An ex-shrimp farm along South Texas’ Grand Strand of Aquaculture and a high-tech algae technology make unlikely partners.
Tracking the first commercial locations and products of the nascent algae industry sometimes feels like the board game known as CLUE.
In the board game, players were supposed to discover, for example, whether the crime was committed by Colonel Mustard in the Lounge with the Knife, or Professor Plum in the Kitchen with the Rope, and so on.
With algae, when the companies reached demo or commercial scale, the structure feels a little bit similar: “Solazyme in Iowa and Brazil with Algenist skin cream”, “Sapphire Energy in New Mexico with drop-in fuel”, “DSM Martek in Kentucky with DHA”.
But a number of companies have been as slippery as the protagonists of CLUE in terms of adjusting their particulars as the science and the markets evolve.
Case in point, Aurora Algae. Once it was known as Aurora Biofuels, and had a pilot plant in Florida and a transformative set of algae strains that it could believe crack the problem of growing algae at scale, outdoors, for some of the high-volume, lower-margin markets that had eluded pond-based companies like Cyanotech and Earthrise.
By 2010, the company was deep in an investigation of Australia as a project location for its first commercial, and had renamed itself Aurora Algae as it unveiled a four-product set around nutraceuticals, pharma, proteins and fuels.
Late last year, the company began a deep investigation of South Texas as a location for the first commercial plant, and the portfolio was further sharpened, essentially to put fuels on the back burner for some time to come, and focus on omega-3 and omega-7 fatty acids as a first commercial project.
Meanwhile, Texas’ aquaculture and shrimp farming center, near Brownsville, could use the lift. As Granvil Treece wrote in the 2014 guide to the Texas Aquaculture Industry:
“Over the last 21 years, the Texas marine shrimp industry has produced 94.5 million pounds of shrimp with a farm-gate value of $244.3M, contributing an estimated $1.466B to the state’s economy. However, the farm-gate price has been low since 2004, recovered somewhat in 2007 and 2008, but farm-gate prices are still limiting interest in shrimp farming with low prices being experienced.”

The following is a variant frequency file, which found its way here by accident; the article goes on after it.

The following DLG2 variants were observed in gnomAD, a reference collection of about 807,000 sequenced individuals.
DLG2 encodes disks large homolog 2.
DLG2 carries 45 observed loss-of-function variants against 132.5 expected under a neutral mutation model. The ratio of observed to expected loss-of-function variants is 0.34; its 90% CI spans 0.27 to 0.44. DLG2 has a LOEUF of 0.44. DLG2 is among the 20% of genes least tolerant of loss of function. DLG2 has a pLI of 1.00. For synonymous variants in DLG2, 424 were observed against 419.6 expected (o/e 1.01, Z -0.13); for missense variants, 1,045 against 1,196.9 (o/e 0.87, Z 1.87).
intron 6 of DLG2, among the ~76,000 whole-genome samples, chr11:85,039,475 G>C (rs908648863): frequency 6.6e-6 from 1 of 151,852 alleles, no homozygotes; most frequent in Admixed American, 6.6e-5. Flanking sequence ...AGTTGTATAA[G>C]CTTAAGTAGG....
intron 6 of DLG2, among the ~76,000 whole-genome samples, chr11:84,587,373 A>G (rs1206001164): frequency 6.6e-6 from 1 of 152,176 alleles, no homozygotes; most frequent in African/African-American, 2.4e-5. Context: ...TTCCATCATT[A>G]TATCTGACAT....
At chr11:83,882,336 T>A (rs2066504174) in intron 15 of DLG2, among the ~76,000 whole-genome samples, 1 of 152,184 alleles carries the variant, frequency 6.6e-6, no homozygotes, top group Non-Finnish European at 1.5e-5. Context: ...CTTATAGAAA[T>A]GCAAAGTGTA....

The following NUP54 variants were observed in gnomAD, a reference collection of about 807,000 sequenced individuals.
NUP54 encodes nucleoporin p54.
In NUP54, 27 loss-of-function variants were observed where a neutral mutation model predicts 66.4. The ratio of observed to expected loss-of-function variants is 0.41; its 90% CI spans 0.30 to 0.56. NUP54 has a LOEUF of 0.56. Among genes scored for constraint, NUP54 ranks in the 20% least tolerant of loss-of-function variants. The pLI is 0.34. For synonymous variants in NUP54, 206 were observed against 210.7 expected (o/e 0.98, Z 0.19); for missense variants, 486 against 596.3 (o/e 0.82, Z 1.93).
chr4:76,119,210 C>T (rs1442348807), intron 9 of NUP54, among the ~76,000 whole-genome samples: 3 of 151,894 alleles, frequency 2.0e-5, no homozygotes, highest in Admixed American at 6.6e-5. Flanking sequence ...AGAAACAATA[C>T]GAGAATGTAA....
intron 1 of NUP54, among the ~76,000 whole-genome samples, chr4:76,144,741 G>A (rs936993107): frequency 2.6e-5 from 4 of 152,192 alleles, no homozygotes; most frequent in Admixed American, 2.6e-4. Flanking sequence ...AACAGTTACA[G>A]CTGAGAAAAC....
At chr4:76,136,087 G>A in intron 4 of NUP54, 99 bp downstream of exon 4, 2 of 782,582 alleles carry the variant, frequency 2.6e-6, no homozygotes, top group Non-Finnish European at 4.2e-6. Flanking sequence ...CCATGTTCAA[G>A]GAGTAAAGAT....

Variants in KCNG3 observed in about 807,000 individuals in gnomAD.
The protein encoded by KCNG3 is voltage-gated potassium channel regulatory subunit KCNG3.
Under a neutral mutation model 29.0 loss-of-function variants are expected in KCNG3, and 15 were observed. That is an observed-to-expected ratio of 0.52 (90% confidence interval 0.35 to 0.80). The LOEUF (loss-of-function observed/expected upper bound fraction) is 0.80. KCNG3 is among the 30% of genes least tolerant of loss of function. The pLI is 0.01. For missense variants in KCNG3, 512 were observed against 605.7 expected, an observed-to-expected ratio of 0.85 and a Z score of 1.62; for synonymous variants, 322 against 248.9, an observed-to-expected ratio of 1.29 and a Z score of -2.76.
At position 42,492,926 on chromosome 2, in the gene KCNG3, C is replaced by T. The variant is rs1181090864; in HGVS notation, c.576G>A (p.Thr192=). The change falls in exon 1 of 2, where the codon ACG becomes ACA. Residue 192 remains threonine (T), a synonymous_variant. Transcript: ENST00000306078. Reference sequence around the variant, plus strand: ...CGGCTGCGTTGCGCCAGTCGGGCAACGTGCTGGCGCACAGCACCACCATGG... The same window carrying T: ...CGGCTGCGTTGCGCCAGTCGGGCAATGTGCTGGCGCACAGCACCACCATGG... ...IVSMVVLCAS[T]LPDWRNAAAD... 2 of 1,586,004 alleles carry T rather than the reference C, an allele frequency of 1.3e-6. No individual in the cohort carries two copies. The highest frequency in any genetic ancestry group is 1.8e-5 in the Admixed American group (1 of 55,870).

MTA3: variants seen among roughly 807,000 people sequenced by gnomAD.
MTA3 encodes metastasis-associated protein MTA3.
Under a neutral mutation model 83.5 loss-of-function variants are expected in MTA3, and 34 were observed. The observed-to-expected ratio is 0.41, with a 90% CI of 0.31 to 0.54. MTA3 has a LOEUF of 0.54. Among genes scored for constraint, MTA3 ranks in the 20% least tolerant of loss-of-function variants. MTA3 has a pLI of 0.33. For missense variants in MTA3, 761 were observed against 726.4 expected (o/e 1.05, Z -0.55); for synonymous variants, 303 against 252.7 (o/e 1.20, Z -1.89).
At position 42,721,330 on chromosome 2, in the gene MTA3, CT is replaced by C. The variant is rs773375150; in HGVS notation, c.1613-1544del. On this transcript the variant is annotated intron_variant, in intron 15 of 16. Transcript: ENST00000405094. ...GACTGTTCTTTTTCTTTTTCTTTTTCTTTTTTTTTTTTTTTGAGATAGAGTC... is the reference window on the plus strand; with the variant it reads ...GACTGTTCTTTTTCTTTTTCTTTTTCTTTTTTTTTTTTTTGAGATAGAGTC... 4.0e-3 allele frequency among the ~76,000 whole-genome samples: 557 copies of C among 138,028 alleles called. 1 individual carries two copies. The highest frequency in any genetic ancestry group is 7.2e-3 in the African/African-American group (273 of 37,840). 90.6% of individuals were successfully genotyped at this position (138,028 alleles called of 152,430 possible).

Let’s see how algae’s faring.
A visit with Aurora’s management
Aurora Algae in Texas with Omega-3 EPA? It’s a long ways from where the company started — and The Digest caught up this week with CEO Greg Bafalis and corporate affairs chief Paul Brunato to find out the drivers behind the evolution of the strategy.
BD: So, Texas is on the front burner for the first commercial project. Take us through that opportunity.
Greg Bafalis: We went to Australis for cheap CO2, cheap land and the weather, and they are all great, but we found other factors were even more important.
We moved into Australia in 2010 and ran for 3 years, and we have had a number of real breakthroughs there — in terms of pond design, harvesting systems. Even came up with ways to beat the heat. But mining and natural gas industries have boomed the past few years in Western Australia, where our project was located. The cost basis skyrocketed — not only because of exchange rates which were against us, but also the operating and construction cost.
BD: Give us an example.
GB: In Australia, a good electrician on site costs $140K year, plus you have to fly him home, feed him, and house him. The minute you’d made the investment, the mining or nat gas company would offer 2x, and he’d be gone. You can get those kinds of skills in South Texas at $20/hr.
BD: What types of skills do you need for this kind of a project?
GB: It’s a wide variety of labor. Pond operators, maintenance techies for things like the pumps, electricians for facility with the harvesting and refining system separating the oils. A lot of engineers. Plus, basic laborers. We are a farm after all, there’s a wide variety of skill sets needed.
BD: So, labor made the difference?
GB: In Australia it was the operating expense. For example, we needed a 17 kilometer water pipeline, our own powergen, we had to build a workcamp. It was 25%-30% more capex than South Texas.